TAMPA, August 20, 2012 – I know what you’re thinking. A southern, conservative talk radio host produces an audio special called “What Lincoln Killed – Episode One.”
He must be another “neo-confederate” trying to use the states’ rights argument to overturn the Civil Rights Act of 1964, re-segregate the schools, bring back Jim Crow and generally undo a century’s worth of civil rights victories.
The problem with any discussion of states’ rights or limitation on the power of the federal government in general is that it is inextricably linked to slavery and racism. Neither advocates nor opponents generally help matters in this respect.
Implicit in the arguments of both sides is that either the north was one hundred percent right and the south one hundred percent wrong in the Civil War, or vice versa. Common sense should tell us that after approximately six hundred thousand Americans were killed by their own countrymen, there must have been plenty of wrong to go around on both sides.
For what it’s worth, I am a Yankee. I was born and lived over eighty percent of my life in New York State. I even pull for the Yankees in baseball (Forgive me, they got to me young). I think Dixie is a catchy little tune but I don’t choke up when I hear it. The only positive association I have with the “stars and bars” is a mildly entertaining 1980’s television series with a very pretty girl in some now-famous shorts.
Yet, I still believe that Mike Church is onto something important.
Church’s story is set within the framework of him helping his daughter with a school assignment. She is working on an essay and tells Church that her teacher said that “the states gave up all of their sovereignty when they signed the Declaration [of Independence].”
Serious proponents of this position argue that the states gave up their sovereignty upon ratification of the U.S. Constitution. Church sets out to disprove that argument. Episode One does not discuss the Civil War, but rather the nature of the federal government created in the U.S. Constitution.
Church’s story within a story is a highly entertaining “docudromedy” with dramatizations of many of the founding fathers’ writings and speeches concerning states’ rights and the limits on federal power. To keep things lively, Church intersperses them with a heavy dose of anachronistic humor, including characterizing John Lowell, Jr., who wrote under the pseudonym “The Refederator,” as a modern professional wrestler and James Madison as Bill Murray’s character Carl in Caddyshack.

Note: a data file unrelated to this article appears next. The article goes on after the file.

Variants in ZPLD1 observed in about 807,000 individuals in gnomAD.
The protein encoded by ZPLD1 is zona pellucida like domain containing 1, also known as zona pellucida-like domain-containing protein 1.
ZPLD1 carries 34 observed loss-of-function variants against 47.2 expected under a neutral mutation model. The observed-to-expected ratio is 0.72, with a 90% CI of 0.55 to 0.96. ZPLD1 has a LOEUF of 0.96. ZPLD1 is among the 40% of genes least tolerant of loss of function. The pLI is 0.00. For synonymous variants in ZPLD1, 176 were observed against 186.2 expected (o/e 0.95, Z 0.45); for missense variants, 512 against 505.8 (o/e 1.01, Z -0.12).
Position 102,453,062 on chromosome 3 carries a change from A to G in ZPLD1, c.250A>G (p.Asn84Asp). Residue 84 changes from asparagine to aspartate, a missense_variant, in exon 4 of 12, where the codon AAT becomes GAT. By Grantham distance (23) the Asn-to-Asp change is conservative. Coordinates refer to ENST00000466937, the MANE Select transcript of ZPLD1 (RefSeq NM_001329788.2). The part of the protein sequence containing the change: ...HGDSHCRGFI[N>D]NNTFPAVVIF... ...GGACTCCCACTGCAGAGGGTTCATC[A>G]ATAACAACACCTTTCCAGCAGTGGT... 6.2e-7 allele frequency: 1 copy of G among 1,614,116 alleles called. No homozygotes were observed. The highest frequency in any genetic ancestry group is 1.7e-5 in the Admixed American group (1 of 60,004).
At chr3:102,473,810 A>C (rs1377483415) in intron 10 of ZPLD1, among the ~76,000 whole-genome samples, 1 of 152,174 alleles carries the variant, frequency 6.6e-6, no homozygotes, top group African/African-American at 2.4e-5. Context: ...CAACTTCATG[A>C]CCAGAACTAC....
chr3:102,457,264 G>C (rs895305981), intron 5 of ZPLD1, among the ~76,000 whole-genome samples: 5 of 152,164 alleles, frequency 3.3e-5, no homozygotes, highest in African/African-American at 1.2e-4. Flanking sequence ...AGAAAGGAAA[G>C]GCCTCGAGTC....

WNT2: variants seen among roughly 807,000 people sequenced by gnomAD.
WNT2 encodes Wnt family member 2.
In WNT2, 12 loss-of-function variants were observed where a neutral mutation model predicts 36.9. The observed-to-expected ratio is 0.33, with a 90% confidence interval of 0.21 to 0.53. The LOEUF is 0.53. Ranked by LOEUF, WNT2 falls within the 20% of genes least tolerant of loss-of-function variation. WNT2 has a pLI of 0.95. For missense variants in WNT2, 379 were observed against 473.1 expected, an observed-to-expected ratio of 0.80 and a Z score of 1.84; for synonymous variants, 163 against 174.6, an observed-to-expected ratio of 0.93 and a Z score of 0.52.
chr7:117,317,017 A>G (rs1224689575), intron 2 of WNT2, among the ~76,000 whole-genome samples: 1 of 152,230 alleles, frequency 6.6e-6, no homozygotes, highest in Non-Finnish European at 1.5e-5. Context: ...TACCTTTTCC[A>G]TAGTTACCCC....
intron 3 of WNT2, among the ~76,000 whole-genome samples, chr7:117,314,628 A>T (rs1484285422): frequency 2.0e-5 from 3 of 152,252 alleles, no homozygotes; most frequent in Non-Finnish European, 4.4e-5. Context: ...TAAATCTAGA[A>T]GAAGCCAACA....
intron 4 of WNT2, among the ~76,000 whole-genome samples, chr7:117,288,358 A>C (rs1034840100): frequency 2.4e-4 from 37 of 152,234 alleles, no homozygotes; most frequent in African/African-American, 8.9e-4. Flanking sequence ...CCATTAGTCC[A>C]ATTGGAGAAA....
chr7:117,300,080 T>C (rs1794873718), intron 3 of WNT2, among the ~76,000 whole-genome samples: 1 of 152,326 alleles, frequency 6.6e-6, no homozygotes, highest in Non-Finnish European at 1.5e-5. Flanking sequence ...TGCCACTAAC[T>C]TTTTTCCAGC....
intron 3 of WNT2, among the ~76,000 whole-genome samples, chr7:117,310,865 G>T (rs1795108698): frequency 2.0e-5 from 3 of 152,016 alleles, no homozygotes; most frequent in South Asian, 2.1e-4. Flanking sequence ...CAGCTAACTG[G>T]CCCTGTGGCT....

“…revolutionary story, kid from nowhere, about to become the father of the constitution…”
Lowell is particularly important because he advocated the New England states seceding from the Union during the War of 1812. New England was especially hurt by Jefferson’s Embargo Act, which was ramped up under the Madison administration. “Mr. Madison’s War,” as Lowell called it, only made matters worse. Lowell and others proposed a “Northern Confederation,” which could only occur after the northern states first seceded from the current union.
Apparently, the idea that the states are sovereign and retain the prerogative to withdraw from the union was not held exclusively by slaveholding southerners. Church makes a compelling case that this opinion was held by most Americans at the time. The New England states also advocated state nullification, with Connecticut effectively nullifying the Embargo Act and all of the New England states virtually boycotting the war.
Obviously, no one would conflate the northern nullification and secession movements with slavery or racism.
To add some scholarly muscle, Church brings in Kevin Gutzman, Ph.D., whose James Madison and the Making of America revolved around precisely this question. Madison and other Federalists had gone into the constitutional convention hoping to construct a national government, with the states reduced to administrative subdivisions. However, none of the states would agree to it, so a federal government was constructed instead, with a few, limited powers delegated to it and the rest retained by the states.
The important principle here is consent of the governed. Americans believe that since we are all created equal, no one can exercise power over another unless the latter has consented to that power. In theory, Americans consented to certain powers given to the federal government in the U.S. Constitution. Their descendants tacitly consent to those powers by not amending the Constitution to remove them.
To a libertarian, calling this “consent” is flagrant abuse of the English language, but it’s better than nothing at all. However, if Church is right, then the federal government exercises most of its powers without any consent at all. That was the founders’ definition of tyranny.
It might also be one reason that the federal monster consumes almost $4 trillion per year, has run up $16 trillion in debt, tens of trillions more in unfunded liabilities and shows no signs of slowing down. Maybe it’s time to give the states’ rights advocates a chance and strip a few federal powers away. What do we have to lose?
To at least get acquainted with the subject, you won’t find a more enjoyable vehicle than Mike Church’s “What Lincoln Killed – Episode One.”
Tom Mullen is the author of A Return to Common Sense: Reawakening Liberty in the Inhabitants of America.
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